The Caps seemed to get whatever it was Hunter was trying to communicate starting in the games just before the new year. Starting with a 4-1 win over Nashville on December 20th, the Caps would not score fewer than two goals in nine consecutive contests (3.00 goals/game). Their defense seemed stuck, though, still allowing 2.56 goals per game. It left the Caps still largely treading water in terms of wins and losses, going 5-3-1 in those nine games.
It would be a problem that the Caps had for the rest of the regular season. You will recall that in the last three seasons, the Caps have had nine separate winning streaks of at least five games. Under Dale Hunter the Caps could not get enough traction to peel off more than three wins at a time. In Hunter’s 60 regular season games the Caps had a pair of four-game winning streaks and a pair of three-game winning streaks. But they also had three three-game losing streaks as well. It made for an overall record of 30-23-7 over 60 games, which was actually a slightly lower points pace (91.6 over 82 games) than that compiled by Bruce Boudreau in his 22 games (93.2 points).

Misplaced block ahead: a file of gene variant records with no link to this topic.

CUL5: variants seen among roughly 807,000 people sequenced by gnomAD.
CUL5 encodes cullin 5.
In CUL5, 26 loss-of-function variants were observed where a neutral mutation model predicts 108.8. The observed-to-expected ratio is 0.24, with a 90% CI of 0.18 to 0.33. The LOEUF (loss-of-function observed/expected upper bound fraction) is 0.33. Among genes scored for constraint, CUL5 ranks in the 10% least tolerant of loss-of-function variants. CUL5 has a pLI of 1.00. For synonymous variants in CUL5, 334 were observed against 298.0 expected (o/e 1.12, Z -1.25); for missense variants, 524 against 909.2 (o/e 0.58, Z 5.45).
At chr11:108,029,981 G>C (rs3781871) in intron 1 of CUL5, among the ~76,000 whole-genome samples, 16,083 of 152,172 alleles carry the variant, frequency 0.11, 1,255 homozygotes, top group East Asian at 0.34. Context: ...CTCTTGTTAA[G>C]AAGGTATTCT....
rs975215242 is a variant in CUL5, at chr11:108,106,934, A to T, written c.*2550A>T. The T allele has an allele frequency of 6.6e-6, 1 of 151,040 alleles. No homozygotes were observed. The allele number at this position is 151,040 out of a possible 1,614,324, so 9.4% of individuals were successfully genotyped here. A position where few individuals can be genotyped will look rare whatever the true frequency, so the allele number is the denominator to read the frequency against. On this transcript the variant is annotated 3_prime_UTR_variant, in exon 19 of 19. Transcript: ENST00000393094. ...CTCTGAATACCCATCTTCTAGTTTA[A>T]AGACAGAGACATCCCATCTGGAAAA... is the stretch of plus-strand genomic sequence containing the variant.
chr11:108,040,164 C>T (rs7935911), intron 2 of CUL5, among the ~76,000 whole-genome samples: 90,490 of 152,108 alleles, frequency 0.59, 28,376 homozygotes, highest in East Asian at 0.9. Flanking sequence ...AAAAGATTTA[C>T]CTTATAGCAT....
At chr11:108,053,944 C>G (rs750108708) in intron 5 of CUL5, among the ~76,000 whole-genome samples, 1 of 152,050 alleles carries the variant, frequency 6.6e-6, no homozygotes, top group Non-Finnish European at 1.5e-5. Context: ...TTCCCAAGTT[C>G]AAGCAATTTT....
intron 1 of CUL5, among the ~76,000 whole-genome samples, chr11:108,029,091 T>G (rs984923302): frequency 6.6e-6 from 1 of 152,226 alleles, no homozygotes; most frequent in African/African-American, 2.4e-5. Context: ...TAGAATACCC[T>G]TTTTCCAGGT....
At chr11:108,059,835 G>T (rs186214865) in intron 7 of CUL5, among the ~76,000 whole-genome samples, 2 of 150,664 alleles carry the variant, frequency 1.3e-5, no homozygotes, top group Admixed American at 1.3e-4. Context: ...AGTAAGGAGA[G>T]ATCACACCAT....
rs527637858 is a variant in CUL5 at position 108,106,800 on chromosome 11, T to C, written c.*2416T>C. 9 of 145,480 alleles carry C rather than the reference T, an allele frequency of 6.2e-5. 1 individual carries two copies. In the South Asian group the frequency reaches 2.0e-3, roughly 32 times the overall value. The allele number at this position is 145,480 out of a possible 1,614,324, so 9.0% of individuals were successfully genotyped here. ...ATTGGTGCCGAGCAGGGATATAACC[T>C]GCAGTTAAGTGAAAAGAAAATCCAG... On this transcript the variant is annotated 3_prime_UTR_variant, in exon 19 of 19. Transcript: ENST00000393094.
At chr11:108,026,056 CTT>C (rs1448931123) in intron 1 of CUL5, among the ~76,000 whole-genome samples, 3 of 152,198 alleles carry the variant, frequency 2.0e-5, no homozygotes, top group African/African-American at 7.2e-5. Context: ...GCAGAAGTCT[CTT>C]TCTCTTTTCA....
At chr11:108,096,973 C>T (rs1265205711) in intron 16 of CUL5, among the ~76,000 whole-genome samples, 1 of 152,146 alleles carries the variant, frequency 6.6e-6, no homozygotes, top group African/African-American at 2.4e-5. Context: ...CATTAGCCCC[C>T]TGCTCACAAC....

The Caps made the playoffs – barely, clinching a spot in Game 81, but their history of ups and downs and their net minus in goals for/goals against under Hunter (2.48 GF/G; 2.57 GA/G) left the Caps as something less than a dominant team and one that would play close to the edge in its games (27 of the 60 games under Hunter one-goal decisions). Making things more difficult for Hunter was the fact that he would go into the playoffs with what was the number three goaltender on the depth chart – Braden Holtby – his other two netminders (Michal Neuvirth and Tomas Vokoun) injured.